Once Ali arrived we discussed the various shots that we were going to do and then selected the outfits for each. Given her first experience it was importantly to take the shoot slowly so we started with fully clothed sequences against the white seamless and then using some of the furniture.
Part of the area includes a very large powder room with full length mirrors and so I knew that I wanted to incorporate those. Having a room with mirrors presents interesting challenges when it comes to placing the lights but not impossible.
When I meet a model for the first time I always ask them what they do not like about themselves. Ali said her feet so it became a little bit of fun throughout the shoot when I said that I would break her of that phobia by having lots of the them in the shots.
By the time that we moved to the bed set Ali was very relaxed and it came across in her images.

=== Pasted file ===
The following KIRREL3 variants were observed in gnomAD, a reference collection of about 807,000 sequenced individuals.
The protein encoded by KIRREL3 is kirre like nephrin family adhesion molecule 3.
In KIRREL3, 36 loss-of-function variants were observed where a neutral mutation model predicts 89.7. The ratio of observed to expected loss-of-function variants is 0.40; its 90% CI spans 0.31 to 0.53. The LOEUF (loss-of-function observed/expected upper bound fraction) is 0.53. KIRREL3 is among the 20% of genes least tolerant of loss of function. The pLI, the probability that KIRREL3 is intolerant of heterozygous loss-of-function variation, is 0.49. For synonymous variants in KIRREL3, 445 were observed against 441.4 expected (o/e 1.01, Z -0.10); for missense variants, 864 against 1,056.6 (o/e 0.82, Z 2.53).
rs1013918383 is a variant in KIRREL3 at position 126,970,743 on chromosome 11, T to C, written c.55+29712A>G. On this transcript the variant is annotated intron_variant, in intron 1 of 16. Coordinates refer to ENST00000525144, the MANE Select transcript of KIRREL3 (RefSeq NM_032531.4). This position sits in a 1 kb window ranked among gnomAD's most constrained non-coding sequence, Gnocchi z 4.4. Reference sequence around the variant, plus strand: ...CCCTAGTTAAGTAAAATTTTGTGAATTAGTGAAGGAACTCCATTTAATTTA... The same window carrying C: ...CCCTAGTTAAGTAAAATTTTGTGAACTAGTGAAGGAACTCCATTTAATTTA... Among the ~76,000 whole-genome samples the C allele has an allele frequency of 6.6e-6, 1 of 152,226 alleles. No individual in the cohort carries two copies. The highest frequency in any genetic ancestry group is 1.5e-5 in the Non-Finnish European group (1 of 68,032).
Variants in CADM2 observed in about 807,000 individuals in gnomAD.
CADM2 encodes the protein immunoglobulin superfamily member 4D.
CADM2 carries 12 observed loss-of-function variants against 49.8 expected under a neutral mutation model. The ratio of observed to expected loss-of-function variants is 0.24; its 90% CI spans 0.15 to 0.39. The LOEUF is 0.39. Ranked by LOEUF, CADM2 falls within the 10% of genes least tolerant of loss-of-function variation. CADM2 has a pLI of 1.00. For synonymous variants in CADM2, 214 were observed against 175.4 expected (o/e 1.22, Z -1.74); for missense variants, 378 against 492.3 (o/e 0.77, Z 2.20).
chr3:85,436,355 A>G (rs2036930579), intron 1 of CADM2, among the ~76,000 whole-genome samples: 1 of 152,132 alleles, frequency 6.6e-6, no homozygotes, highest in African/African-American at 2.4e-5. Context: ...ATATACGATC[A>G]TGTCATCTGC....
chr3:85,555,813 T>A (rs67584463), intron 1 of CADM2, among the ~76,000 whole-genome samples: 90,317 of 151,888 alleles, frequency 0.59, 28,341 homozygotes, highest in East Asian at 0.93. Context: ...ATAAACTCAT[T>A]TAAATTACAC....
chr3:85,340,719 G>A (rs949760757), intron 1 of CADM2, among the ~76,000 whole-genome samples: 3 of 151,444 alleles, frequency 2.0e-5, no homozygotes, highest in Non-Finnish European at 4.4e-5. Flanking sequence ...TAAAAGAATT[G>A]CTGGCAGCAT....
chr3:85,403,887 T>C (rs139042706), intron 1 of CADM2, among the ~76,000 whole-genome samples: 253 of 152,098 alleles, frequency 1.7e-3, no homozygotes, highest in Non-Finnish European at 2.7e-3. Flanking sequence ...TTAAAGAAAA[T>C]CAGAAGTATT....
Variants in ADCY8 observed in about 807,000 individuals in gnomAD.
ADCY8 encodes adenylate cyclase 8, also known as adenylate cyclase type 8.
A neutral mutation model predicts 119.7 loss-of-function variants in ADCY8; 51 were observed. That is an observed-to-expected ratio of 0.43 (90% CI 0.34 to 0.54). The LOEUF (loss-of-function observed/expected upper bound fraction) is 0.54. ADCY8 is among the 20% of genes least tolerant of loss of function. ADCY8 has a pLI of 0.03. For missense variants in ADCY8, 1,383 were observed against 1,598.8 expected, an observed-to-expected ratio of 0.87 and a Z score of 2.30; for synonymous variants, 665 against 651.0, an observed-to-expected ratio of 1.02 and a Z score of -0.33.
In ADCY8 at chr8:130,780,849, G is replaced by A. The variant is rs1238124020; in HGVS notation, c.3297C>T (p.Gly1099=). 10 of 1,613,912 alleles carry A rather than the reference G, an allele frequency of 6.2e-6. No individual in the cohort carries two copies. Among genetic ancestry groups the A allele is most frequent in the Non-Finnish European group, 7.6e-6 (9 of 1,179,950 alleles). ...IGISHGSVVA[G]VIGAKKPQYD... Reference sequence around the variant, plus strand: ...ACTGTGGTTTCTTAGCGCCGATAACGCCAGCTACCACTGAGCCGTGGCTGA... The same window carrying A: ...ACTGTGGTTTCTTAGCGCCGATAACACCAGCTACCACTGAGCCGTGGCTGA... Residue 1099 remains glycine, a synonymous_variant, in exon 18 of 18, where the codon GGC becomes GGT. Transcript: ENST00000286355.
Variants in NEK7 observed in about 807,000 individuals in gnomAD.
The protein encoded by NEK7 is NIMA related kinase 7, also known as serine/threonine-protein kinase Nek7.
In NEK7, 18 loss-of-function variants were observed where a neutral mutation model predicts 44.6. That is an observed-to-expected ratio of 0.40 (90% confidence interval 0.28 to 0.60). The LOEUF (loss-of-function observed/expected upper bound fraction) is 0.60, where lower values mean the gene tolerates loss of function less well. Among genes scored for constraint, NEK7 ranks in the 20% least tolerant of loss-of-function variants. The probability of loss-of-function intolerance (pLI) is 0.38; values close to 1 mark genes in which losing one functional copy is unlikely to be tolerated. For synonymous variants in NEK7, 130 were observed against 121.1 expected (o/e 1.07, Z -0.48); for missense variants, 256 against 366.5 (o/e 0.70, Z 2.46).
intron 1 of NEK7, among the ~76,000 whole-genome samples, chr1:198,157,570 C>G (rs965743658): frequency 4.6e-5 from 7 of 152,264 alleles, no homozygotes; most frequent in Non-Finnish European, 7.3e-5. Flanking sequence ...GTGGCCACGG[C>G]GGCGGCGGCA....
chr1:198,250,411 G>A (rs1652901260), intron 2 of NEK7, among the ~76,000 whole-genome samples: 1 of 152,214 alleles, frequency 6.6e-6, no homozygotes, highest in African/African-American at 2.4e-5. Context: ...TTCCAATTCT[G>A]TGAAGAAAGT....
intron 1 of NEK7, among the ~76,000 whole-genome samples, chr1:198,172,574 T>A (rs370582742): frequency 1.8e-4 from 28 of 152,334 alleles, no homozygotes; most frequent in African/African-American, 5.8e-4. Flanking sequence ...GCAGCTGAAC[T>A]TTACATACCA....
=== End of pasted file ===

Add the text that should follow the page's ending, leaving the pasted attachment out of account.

We had planned to do a series of high key images but simply ran out of time however we did finish with another series against the white but this time with Ali only wearing a white shirt.
She tells me that she really enjoyed the session and we are planning on doing another one early in 2015 to get the shots we didn’t get around to.
The studio space worked out really well and I intend to use it again next year.
Sometimes the best way forward, is to admit that what you are doing has gone of the rails, and the best way to fix it is to start again.
This was certainly the case when I started out to build the composite of the Art Class together. In Part One of this blog post I went through how the image was shot and that because a number of models had been unable to make it, I had to shoot it as a composite and assemble it in Photoshop.